I believe Eric Wood understands the importance of his role in supporting EJ Manuel’s development during his all important second year. Wood has also been with the team long enough to understand the pressure to produce this season, as a new owner determines the fate of the Bills franchise.

For all the media attention focused upon the role of Sammy Watkins, C.J. Spiller, Robert Woods, Fred Jackson, etc., it’s really the role of Eric Wood in this offense that intrigues me the most at this point. I believe that Eric Wood’s greatest season is ahead of him. Hopefully, it will be a healthy one as well.

Eric Wood is finally surrounded by huge players with more talent and athleticism across the line than a Bills offensive line has seen in years. He has a head coach that understands his position. If he can avoid catastrophic injury, or even something that might dog him all season, the stars are lined up for him to have a Pro Bowl year.

Eric Wood is to this Bills offense what Kyle Williams is to the defense. Leader, baller, and passionate player. Yet Kyle has been recognized for the special player that he is, and Eric has yet to achieve that pinnacle of peer recognition and fan awareness. It will come, and I believe it will be the key to the success or failure of the Bills entire offense this season.

For the record, my obsession with offensive linemen goes way back, and I’ve been blessed by friends who have taught me the finer points of ‘hog’ culture over the years. These days I’m most likely to be the little old lady pressed up against the fence at an 8 AM practice watching offensive line drills with binoculars and making notes.

It certainly won’t be any different at this camp which is rapidly approaching! I will be stalking out the best view of the offensive line that I can find and pray that temperatures are not in the mid-90’s like it was the last time I visited training camp.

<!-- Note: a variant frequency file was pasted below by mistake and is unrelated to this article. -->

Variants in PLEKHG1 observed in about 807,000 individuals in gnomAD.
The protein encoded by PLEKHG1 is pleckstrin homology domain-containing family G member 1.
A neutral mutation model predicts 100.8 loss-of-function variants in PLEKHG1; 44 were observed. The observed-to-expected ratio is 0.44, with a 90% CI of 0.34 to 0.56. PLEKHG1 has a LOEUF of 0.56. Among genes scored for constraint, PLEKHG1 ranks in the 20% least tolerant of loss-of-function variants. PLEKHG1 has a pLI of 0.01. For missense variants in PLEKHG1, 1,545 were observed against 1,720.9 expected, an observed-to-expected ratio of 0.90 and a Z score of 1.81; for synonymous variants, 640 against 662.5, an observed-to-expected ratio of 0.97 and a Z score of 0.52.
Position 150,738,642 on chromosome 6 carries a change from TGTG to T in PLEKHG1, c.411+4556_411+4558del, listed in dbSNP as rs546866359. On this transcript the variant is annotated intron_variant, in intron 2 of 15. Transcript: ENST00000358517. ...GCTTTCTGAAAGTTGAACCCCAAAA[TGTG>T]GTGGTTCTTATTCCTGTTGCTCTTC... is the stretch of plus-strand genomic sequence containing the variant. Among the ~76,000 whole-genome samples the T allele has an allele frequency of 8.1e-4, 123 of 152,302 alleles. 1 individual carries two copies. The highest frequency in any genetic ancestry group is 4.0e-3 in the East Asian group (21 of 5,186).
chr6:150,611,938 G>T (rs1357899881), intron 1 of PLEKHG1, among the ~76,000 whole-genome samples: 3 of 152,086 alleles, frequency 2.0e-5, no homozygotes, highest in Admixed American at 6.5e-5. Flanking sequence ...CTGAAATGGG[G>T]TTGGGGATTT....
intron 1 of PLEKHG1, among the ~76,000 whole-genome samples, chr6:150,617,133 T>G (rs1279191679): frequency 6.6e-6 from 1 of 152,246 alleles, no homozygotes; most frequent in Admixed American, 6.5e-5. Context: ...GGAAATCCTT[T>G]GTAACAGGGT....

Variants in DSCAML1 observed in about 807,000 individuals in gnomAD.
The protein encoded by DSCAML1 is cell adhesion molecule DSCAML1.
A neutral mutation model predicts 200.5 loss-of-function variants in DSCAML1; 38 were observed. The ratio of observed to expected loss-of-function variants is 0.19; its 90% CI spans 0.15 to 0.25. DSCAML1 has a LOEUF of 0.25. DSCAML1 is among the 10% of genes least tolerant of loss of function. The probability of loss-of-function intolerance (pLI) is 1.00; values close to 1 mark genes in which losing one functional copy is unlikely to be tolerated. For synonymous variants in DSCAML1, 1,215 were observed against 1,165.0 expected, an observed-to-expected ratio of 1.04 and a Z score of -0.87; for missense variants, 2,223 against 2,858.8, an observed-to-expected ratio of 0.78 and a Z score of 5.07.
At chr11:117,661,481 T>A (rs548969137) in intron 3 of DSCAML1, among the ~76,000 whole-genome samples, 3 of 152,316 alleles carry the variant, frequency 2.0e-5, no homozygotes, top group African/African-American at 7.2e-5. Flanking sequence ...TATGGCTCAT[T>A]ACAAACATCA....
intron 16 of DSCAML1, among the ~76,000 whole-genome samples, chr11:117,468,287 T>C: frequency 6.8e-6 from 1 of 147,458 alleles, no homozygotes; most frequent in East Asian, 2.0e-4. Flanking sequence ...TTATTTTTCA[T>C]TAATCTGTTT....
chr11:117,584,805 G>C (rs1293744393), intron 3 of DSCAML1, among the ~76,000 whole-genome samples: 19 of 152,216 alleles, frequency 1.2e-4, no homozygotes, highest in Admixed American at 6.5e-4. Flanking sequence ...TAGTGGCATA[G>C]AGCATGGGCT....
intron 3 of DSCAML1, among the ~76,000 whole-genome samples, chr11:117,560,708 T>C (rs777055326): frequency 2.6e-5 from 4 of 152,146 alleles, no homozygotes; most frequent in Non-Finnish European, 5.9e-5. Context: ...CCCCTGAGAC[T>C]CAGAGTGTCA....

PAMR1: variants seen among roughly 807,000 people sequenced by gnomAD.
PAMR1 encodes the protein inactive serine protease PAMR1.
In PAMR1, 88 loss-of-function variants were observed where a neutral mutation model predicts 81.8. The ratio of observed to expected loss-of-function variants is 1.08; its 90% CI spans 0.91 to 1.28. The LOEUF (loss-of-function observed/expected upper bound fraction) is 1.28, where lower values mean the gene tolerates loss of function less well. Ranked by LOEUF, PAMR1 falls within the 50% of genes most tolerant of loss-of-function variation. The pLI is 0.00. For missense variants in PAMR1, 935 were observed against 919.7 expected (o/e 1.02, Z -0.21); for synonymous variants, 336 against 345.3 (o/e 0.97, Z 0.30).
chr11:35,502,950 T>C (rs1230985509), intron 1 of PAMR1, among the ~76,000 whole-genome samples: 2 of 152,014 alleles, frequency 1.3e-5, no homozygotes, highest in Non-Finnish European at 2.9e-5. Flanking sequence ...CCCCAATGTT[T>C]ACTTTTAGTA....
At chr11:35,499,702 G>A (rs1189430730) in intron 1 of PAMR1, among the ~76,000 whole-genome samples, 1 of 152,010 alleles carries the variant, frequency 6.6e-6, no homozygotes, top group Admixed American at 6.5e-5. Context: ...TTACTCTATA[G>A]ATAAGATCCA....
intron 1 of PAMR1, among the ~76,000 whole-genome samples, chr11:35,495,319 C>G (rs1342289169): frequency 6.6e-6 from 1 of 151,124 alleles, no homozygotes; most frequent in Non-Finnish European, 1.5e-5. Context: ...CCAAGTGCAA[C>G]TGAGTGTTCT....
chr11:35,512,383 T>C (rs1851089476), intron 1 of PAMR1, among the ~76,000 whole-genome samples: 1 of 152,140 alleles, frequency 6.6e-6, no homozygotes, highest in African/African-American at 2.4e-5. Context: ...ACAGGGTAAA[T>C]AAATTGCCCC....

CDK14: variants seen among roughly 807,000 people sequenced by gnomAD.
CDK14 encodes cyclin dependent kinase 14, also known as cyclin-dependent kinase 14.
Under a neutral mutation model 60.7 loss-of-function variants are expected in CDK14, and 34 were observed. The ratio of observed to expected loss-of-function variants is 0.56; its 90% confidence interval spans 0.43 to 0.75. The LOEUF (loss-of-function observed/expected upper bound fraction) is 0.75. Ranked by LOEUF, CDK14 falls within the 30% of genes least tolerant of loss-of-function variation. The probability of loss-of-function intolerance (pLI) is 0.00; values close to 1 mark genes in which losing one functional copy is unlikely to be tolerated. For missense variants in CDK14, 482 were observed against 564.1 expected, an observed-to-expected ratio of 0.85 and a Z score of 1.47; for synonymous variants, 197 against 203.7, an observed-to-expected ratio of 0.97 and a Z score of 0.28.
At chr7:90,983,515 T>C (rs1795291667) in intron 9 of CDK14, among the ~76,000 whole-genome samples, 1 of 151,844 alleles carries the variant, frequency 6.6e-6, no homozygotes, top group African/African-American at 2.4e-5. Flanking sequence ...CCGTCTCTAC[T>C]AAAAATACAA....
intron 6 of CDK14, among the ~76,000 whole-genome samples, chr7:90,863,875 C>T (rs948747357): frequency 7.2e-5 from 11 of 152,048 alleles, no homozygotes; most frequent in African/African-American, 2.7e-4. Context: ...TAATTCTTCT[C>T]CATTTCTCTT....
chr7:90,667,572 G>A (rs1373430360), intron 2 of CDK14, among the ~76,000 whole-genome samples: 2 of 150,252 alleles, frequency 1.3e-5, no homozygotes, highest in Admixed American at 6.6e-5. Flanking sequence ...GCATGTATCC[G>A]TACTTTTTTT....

At the top of my list will be spending time watching offensive line drills. Camp is frustrating for me because I want to be able to watch all drills, at all positions, all the time. Again, with the help of friends I’ve been able to learn to prioritize and catch a decent overview.

It will be interesting to watch how Eric Wood conducts himself during camp this year. I expect this season he may come into his own in terms of asserting veteran leadership on and off the field. His steady presence is vital for EJ Manuel’s badly needed development.

Where Eric Wood goes this season will determine the success or failure of this offense in my opinion. Eric is more than the sum of his massive parts on many levels. I’ll be keeping a ‘wyo-eyeball’ on how much this guy takes his game to an even greater level this season.

By the way, camp is around the corner. I’m not hearing from enough of you regarding your suggestions/comments for training camp coverage. Please post your questions/comments by hitting the reply button here, or tweet @wyobilzfan with your questions or comments for training camp.

Views and opinions expressed in the BillsMafia.com blog are strictly those of the respective authors and not necessarily those of Buffalo FAMbase, Inc.

Robyn Mundy

About Robyn Mundy

Robyn Mundy is a retired oncology nurse and psychotherapist who loves to write about her life-long passion for the Buffalo Bills, and occasionally something of clinical or social relevance. She lives with her husband Gary and their dogs in the shadow of the glorious Big Horn Mountains of Wyoming. Robyn is also a proud founding sponsor. Follow her on Twitter at @wyobilzfan.

3 thoughts on “Eric Wood: A Pro Bowl Year Key To Success On Offense

  1. Pingback: Eric Wood: A Pro-Bowl Year Key To Success On Offense – My Buffalo Sports

  2. Pingback: Eric Wood: A Pro-Bowl Year Key To Success On Offense – MyBuffaloSports.com

  3. Good thoughtful article, Robyn. Nice to see an in-depth look at Eric. Too often the offensive linemen get little coverage and analysis. No sacks to count, no tackles for losses. When they play great, it’s the rest of the offense that gets to reap the rewards with a big run, a long pass completion, etc. I think you’re right about Eric having a Pro Bowl kind of year.
    Keep up the good writing.